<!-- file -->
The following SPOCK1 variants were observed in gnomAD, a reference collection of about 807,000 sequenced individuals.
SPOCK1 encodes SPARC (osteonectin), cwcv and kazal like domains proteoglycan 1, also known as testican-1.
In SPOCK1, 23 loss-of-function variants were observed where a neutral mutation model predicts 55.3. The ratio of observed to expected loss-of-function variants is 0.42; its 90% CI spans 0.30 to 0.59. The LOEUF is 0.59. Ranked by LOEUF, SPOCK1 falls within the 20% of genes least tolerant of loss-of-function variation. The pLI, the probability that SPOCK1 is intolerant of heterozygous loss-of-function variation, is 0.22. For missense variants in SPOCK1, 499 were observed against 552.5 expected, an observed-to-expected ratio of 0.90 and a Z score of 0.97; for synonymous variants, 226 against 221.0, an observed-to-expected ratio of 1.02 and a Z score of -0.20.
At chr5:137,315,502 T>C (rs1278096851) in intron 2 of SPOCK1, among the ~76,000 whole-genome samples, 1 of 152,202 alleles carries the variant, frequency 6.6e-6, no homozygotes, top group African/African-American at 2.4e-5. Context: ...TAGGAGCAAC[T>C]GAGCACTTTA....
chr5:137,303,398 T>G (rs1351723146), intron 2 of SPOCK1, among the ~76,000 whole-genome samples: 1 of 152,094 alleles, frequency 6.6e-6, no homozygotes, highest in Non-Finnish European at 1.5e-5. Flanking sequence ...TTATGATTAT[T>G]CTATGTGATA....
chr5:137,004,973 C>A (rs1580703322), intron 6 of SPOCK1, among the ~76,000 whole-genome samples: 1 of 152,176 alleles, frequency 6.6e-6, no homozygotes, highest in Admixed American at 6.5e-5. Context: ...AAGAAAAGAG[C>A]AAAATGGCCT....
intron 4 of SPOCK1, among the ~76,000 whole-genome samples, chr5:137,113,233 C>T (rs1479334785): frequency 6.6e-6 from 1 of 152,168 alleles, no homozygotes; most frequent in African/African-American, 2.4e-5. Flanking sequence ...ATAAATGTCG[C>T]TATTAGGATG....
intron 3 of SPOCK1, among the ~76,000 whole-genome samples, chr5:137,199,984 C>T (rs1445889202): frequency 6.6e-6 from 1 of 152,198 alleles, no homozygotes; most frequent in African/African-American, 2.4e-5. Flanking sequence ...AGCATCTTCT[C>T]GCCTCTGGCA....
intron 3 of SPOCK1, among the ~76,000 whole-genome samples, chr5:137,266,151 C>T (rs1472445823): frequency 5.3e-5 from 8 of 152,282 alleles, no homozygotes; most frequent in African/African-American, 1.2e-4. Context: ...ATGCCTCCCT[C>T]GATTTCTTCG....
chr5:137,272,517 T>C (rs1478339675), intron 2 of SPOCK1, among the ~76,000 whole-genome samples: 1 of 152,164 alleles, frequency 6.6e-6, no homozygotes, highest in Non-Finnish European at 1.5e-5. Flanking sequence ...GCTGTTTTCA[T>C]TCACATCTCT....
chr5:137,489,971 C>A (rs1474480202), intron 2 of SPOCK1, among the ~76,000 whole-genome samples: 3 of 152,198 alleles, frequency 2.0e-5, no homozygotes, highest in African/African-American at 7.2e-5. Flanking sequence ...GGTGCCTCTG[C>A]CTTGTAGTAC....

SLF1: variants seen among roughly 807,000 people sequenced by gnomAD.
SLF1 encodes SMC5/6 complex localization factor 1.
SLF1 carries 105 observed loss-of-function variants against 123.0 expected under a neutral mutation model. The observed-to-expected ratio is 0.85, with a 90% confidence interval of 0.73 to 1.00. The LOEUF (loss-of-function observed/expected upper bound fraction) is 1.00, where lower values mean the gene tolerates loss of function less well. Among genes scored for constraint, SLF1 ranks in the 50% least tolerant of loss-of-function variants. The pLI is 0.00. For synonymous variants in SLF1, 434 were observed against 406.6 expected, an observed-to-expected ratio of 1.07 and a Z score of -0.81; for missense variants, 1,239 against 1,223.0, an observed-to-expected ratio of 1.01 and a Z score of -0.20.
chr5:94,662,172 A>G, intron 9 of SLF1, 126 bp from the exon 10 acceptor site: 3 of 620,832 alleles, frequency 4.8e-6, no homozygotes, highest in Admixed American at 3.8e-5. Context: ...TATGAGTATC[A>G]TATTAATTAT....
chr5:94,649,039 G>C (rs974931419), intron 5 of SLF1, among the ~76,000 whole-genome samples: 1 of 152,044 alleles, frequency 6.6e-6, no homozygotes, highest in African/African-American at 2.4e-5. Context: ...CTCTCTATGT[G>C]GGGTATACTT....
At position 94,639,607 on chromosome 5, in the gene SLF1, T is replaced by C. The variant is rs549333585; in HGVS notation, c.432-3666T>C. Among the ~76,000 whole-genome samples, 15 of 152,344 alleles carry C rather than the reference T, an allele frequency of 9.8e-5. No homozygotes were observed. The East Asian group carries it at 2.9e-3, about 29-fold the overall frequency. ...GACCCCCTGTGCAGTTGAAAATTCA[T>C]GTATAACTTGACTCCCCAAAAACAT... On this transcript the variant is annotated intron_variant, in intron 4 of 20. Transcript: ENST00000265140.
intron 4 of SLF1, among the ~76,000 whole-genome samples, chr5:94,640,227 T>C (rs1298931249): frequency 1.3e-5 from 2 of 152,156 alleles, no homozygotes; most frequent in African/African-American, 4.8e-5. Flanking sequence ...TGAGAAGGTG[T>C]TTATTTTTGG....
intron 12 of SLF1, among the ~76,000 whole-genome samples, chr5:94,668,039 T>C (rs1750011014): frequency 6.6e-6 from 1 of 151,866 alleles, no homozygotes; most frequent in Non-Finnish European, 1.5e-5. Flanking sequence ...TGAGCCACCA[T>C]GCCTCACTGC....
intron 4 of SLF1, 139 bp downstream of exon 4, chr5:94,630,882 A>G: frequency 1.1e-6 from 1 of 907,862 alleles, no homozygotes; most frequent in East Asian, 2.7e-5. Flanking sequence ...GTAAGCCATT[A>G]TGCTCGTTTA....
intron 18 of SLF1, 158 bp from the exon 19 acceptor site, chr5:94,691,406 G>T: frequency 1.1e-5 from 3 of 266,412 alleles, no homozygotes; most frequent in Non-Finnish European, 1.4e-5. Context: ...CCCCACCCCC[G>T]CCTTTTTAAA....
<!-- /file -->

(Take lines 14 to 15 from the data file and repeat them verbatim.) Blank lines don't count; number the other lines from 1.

SLF1 carries 105 observed loss-of-function variants against 123.0 expected under a neutral mutation model. The observed-to-expected ratio is 0.85, with a 90% confidence interval of 0.73 to 1.00. The LOEUF (loss-of-function observed/expected upper bound fraction) is 1.00, where lower values mean the gene tolerates loss of function less well. Among genes scored for constraint, SLF1 ranks in the 50% least tolerant of loss-of-function variants. The pLI is 0.00. For synonymous variants in SLF1, 434 were observed against 406.6 expected, an observed-to-expected ratio of 1.07 and a Z score of -0.81; for missense variants, 1,239 against 1,223.0, an observed-to-expected ratio of 1.01 and a Z score of -0.20.
chr5:94,662,172 A>G, intron 9 of SLF1, 126 bp from the exon 10 acceptor site: 3 of 620,832 alleles, frequency 4.8e-6, no homozygotes, highest in Admixed American at 3.8e-5. Context: ...TATGAGTATC[A>G]TATTAATTAT....